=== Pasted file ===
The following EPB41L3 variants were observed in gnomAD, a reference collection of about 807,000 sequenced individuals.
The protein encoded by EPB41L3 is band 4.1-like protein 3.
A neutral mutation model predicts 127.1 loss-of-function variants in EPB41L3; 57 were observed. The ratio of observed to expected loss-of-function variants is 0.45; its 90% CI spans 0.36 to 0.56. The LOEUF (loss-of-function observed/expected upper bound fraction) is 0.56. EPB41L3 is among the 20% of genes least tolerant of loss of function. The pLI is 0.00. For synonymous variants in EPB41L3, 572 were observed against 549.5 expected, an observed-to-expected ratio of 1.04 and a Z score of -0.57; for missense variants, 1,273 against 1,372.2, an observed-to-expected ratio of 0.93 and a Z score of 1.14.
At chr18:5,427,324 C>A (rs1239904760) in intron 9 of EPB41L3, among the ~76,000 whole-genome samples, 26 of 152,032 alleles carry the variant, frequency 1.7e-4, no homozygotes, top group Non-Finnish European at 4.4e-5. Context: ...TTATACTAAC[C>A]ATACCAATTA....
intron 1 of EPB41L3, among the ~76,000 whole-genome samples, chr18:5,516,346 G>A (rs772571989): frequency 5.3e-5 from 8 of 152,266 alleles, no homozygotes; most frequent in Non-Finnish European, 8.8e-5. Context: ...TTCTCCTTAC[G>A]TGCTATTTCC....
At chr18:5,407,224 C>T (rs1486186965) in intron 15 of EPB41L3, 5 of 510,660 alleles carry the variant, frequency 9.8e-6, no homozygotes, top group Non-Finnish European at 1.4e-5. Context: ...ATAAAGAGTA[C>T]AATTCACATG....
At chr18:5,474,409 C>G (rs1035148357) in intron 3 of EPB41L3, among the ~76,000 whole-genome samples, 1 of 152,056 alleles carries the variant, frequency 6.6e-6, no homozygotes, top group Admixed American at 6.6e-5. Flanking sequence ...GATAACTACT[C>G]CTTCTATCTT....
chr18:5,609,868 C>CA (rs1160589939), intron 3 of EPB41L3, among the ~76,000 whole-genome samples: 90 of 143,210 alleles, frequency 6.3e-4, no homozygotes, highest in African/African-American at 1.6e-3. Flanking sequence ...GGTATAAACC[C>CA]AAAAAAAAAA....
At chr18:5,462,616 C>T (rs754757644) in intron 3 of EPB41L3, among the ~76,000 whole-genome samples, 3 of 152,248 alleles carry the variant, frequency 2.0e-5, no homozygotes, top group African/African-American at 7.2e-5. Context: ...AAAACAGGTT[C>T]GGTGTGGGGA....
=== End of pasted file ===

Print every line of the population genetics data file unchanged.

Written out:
The following EPB41L3 variants were observed in gnomAD, a reference collection of about 807,000 sequenced individuals.
The protein encoded by EPB41L3 is band 4.1-like protein 3.
A neutral mutation model predicts 127.1 loss-of-function variants in EPB41L3; 57 were observed. The ratio of observed to expected loss-of-function variants is 0.45; its 90% CI spans 0.36 to 0.56. The LOEUF (loss-of-function observed/expected upper bound fraction) is 0.56. EPB41L3 is among the 20% of genes least tolerant of loss of function. The pLI is 0.00. For synonymous variants in EPB41L3, 572 were observed against 549.5 expected, an observed-to-expected ratio of 1.04 and a Z score of -0.57; for missense variants, 1,273 against 1,372.2, an observed-to-expected ratio of 0.93 and a Z score of 1.14.
At chr18:5,427,324 C>A (rs1239904760) in intron 9 of EPB41L3, among the ~76,000 whole-genome samples, 26 of 152,032 alleles carry the variant, frequency 1.7e-4, no homozygotes, top group Non-Finnish European at 4.4e-5. Context: ...TTATACTAAC[C>A]ATACCAATTA....
intron 1 of EPB41L3, among the ~76,000 whole-genome samples, chr18:5,516,346 G>A (rs772571989): frequency 5.3e-5 from 8 of 152,266 alleles, no homozygotes; most frequent in Non-Finnish European, 8.8e-5. Context: ...TTCTCCTTAC[G>A]TGCTATTTCC....
At chr18:5,407,224 C>T (rs1486186965) in intron 15 of EPB41L3, 5 of 510,660 alleles carry the variant, frequency 9.8e-6, no homozygotes, top group Non-Finnish European at 1.4e-5. Context: ...ATAAAGAGTA[C>T]AATTCACATG....
At chr18:5,474,409 C>G (rs1035148357) in intron 3 of EPB41L3, among the ~76,000 whole-genome samples, 1 of 152,056 alleles carries the variant, frequency 6.6e-6, no homozygotes, top group Admixed American at 6.6e-5. Flanking sequence ...GATAACTACT[C>G]CTTCTATCTT....
chr18:5,609,868 C>CA (rs1160589939), intron 3 of EPB41L3, among the ~76,000 whole-genome samples: 90 of 143,210 alleles, frequency 6.3e-4, no homozygotes, highest in African/African-American at 1.6e-3. Flanking sequence ...GGTATAAACC[C>CA]AAAAAAAAAA....
At chr18:5,462,616 C>T (rs754757644) in intron 3 of EPB41L3, among the ~76,000 whole-genome samples, 3 of 152,248 alleles carry the variant, frequency 2.0e-5, no homozygotes, top group African/African-American at 7.2e-5. Context: ...AAAACAGGTT[C>T]GGTGTGGGGA....